Kyle Tharp, lead of communications for ACRONYM, posted the following to Twitter early Tuesday morning/late Monday night.


Here’s the statement.


The statement reads, in part:

ACRONYM is a nonprofit organization and not a technology company. As such, we have not provided any technology to the Iowa Democratic Party, Presidential campaigns, or the Democratic National Committee. ACRONYM is an investor in several for-profit companies… One of those…is Shadow, Inc., which also has other private investors.

We are reading confirmed reports of Shadow’s work with the Iowa Democratic Party on Twitter, and we, like everyone else, are eagerly awaiting more information from the Iowa Democratic Party with respect to what happened.”

Tara McGowan, CEO of Acronym, shared the tweet.

McGowan released the statement after people shared her tweets when Shadow first launched. You can read some of those tweets below.

McGowan said in her tweet today: “Here are the facts about @anotheracronym’s relationship to @ShadowIncHQ, an independent company ACRONYM invested in. We don’t have any information beyond the public statements the IDP has put out + like all of you, eagerly await learning what happened and who won the IA caucus.”

This same information about ACRONYM being an investor was repeated in an MSNBC interview that you can watch below.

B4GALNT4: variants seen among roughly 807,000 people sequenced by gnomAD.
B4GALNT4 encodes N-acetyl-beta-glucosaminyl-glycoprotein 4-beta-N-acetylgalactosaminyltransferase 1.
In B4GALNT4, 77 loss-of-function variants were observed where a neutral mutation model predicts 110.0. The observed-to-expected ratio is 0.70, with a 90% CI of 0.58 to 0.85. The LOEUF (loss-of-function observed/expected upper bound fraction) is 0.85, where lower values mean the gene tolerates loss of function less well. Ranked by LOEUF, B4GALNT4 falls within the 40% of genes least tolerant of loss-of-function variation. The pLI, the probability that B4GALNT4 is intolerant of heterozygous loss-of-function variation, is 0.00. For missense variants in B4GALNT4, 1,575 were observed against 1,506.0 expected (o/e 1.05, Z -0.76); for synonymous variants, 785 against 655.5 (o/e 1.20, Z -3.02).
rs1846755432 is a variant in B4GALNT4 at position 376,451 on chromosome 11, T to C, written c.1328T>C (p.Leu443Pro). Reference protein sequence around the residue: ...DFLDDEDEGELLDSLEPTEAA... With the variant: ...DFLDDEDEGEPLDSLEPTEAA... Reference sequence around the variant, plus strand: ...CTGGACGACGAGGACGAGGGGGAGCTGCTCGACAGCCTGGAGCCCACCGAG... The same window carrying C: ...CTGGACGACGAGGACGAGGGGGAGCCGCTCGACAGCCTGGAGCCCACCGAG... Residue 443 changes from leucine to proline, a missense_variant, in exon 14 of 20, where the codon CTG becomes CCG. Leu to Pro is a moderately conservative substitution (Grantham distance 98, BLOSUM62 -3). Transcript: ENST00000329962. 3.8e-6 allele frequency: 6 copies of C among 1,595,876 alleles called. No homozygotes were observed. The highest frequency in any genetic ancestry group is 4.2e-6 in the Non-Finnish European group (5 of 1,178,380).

4. Shadow’s Team Implemented Technology for Hillary for America & Obama for America

Shadow’s team has a long history. On their “about” page, they mention that veterans on the team built technology for Hillary for America, Obama for America, Google, Kiva, Apple, the AFL-CIO, and the DNC.

As for the name, they wrote: “When a light is shining, Shadows are a constant companion. We see ourselves as building a long-term, side-by-side ‘Shadow’ of tech infrastructure to the Democratic Party and the progressive community at large.” 

Anna Massoglia, a researcher studying at Open Secrets according to her Twitter bio, tweeted that FEC filings revealed Shadow Inc.’s investors included Pete Buttigieg and Joe Biden’s campaigns. Pete for America’s payments appeared to be in July for software rights and subscriptions and Biden for President’s payment was for “Text Messaging.”

5. Iowa Caucus Results Are Not Expected Until Sometime on Tuesday

The official results likely won’t be released until sometime later on Tuesday.

Bernie Sanders’ campaign has released their internal caucus numbers, since Iowa’s official numbers are delayed.

These numbers represent 40% of the Iowa precincts and not the full data. It shows Sanders with 29.66%, Elizabeth Warren with 21.24%, and Pete Buttigieg with 24.59%. Next is Joe Biden with 12.37% and Amy Klobuchar with 11%.

According to reports on social media, Sanders’ precinct captains were collecting data through their own app, which might help pinpoint any irregularities once the official results are released.

Meanwhile, Elizabeth Warren’s campaign manager said that the Iowa caucus results were a “mess” and every second that passes “undermines the process a little bit,” KIII TV reported. Roger Lau said the campaign hadn’t seen much data, but internal figures showed a three-way tie with Warren, Sanders, and Buttigieg. Biden was reportedly a “distant fourth.”